Russian jeweler Feodor Ruckert
Descendants of Russian jeweler Feodor Ruckert live in Moscow, and they faithfully keep records of their family. Over the years, they preferred to keep silence about their ancestors. The silence was due to the fact that the family – of German origin, and this fact has been the cause of a number of difficulties during World War I, World War II and the Soviet era. Friedrich Mauritz Ruckert, a German by birth, was born in 1840 in the land of Alsace-Lorraine (now the territory of eastern France), and was brought to Russia at the age of fourteen – either by prince Yusupov or by Golitsyn. In Russia the jeweler was named Feodor Ivanovich Ruckert. In 1886, Fyodor opened his own studio of silver products. Beautiful works of Russian jeweler Feodor Ruckert have individual style, with the characteristic elements of Russian Art Nouveau. In 1887 he signed a contract with the Moscow branch of Faberge. Up to 80% of all Ruckert’s workshop products came out with the stigma of “Faberge”. The special color, filigree created a special unmistakable artistic style of Ruckert.
Russian jeweler Feodor Ruckert never worked exclusively for Faberge, but, nevertheless, he was the main supplier of enamel in the Russian style. Feodor Ruckert produced silver decorated with enamel on filigree miniatures on the theme of Russian history, the boyars’ life, folklore. Sometimes they are copies of paintings by famous artists of the time – Makovsky, V.Vasnetsov, I.Kulikov, K.Lebedev, S.Solomko.
After the death of his first wife (she was a German seamstress), Feodor Ruckert married Evgenia Belova, the daughter of a glassblower. The children from the first marriage were brought up in the spirit of the Lutheran Church (Adele, Ida, Paul). Children from his second marriage (Fyodor, Anatoly, Alexander, Evgenia, Maria and Sophia) were brought up in the spirit of the Orthodox Church. The family was large, and the jeweler’s wife invited her niece – Maria Vasilievna Belova to help her.
Evgenia soon died, and Feodor asked Maria to stay with the family to helped him raise the children. However, she agreed to stay with him on the condition to become his wife. At the time, he was sixty-four years old and she was twenty-three.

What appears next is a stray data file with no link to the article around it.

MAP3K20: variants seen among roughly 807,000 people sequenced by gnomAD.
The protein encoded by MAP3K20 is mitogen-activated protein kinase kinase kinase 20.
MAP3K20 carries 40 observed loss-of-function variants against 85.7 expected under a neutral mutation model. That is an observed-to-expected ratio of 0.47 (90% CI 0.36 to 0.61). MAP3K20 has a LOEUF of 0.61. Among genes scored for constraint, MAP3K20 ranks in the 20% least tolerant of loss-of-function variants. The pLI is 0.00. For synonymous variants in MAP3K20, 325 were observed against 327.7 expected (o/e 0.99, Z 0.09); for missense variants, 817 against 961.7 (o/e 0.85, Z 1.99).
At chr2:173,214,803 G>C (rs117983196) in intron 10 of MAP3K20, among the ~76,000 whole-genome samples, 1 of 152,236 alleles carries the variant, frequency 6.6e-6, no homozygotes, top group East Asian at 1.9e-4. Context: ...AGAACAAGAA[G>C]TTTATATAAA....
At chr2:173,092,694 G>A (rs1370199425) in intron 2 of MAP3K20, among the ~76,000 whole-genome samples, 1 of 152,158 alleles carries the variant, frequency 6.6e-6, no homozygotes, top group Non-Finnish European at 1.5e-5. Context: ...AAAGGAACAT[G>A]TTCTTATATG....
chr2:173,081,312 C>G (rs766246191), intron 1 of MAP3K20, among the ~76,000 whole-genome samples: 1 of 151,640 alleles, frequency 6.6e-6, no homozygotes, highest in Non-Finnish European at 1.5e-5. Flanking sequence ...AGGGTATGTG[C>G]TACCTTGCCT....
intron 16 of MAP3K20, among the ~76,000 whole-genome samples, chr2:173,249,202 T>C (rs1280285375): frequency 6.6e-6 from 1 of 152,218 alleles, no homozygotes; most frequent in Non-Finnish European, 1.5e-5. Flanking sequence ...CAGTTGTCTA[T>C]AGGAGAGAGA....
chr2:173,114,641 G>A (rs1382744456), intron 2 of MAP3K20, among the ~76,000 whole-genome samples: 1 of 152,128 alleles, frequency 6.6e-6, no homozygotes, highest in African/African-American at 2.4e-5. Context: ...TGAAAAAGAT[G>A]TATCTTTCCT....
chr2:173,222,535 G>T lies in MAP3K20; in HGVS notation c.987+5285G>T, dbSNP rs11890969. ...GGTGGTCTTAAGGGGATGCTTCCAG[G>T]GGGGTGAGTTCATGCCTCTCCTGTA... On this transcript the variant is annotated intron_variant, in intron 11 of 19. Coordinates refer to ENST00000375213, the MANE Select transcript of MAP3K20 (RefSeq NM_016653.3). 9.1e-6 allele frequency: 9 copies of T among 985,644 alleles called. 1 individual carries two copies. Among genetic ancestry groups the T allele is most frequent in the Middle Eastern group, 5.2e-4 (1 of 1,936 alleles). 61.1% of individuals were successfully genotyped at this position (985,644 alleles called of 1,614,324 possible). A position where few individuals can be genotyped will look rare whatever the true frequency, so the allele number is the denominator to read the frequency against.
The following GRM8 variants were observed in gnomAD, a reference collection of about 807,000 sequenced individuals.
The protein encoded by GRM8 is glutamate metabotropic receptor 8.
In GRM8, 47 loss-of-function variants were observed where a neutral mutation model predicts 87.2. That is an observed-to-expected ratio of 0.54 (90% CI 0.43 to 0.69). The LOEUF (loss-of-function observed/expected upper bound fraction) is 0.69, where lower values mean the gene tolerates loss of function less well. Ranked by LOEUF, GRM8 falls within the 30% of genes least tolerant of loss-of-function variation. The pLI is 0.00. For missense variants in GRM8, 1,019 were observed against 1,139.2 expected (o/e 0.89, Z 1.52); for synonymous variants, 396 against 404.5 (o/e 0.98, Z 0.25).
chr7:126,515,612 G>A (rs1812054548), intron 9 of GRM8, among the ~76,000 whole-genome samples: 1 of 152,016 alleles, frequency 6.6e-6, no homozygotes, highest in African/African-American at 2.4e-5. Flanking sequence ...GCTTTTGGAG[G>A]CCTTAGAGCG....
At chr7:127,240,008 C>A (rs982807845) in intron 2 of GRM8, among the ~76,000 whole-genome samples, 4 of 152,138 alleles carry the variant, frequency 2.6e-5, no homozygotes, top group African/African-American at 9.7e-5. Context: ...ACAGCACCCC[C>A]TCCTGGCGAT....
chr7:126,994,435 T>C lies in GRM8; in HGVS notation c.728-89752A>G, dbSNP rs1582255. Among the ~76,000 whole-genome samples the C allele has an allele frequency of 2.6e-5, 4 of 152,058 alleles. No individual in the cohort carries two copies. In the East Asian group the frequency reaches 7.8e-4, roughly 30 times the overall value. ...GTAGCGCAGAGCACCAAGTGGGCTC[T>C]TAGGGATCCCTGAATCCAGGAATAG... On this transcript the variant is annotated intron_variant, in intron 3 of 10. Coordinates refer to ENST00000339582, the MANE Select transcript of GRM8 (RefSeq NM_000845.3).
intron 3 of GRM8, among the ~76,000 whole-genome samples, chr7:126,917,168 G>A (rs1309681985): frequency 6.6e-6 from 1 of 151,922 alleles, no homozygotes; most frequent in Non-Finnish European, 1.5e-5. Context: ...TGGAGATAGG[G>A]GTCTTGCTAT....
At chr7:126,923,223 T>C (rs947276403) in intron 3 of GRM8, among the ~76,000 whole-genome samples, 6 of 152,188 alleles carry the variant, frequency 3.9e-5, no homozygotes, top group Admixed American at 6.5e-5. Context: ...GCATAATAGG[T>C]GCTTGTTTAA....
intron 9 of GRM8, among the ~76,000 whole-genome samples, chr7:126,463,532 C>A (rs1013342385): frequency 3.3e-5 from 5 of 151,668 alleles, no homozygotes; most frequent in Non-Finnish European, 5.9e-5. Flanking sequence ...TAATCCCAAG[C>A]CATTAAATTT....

From 1910 to 1917, Russian jeweler Feodor Ruckert was a silver jewelry factory owner in Moscow, located at 29 Vorontsovskaya Street, which was also his own house. The house included premises for shops, offices and living rooms. Here Ruckert spent long hours with Faberge, discussing projects. The famous shop became famous for its amazing enamel painting depicting the beauty and charm of Russian antiquities. The whole family lived in the house of Ruckert on Vorontsovskaya, except two daughters, Ida and Adele. The left part of the house was given to the masters, where they lived with their families.
Later, Feodor Ruckert began taking orders from competing firms of Faberge – the famous workshops – Ovchinnikov, Kurlyukov and Marshak. All the works of Fyodor Ivanovich can be found under the author’s stigma – a woman’s head in the headdress, facing right, with the code of the county by the Greek letter “delta” and 88 silver standard.
All the works of Fyodor Ivanovich can be found under the author’s stigma – a woman’s head in the headdress, facing right, with the code of the county by the Greek letter ‘delta’ and 88 silver standard
Russian jeweler Feodor Ruckert died in 1917. His grave is in the Vedensky Cemetery in Moscow. Works by Feodor Ruckert are in rare museum collections and not often appear in the Russian antiques market. All the works of Fyodor Ivanovich can be found under the author’s stigma – two letters ФР (Russian name Федор Рюкерт), a woman’s head in the headdress, facing right, and figure 88 of silver standard.
Russian jeweler Feodor Ruckert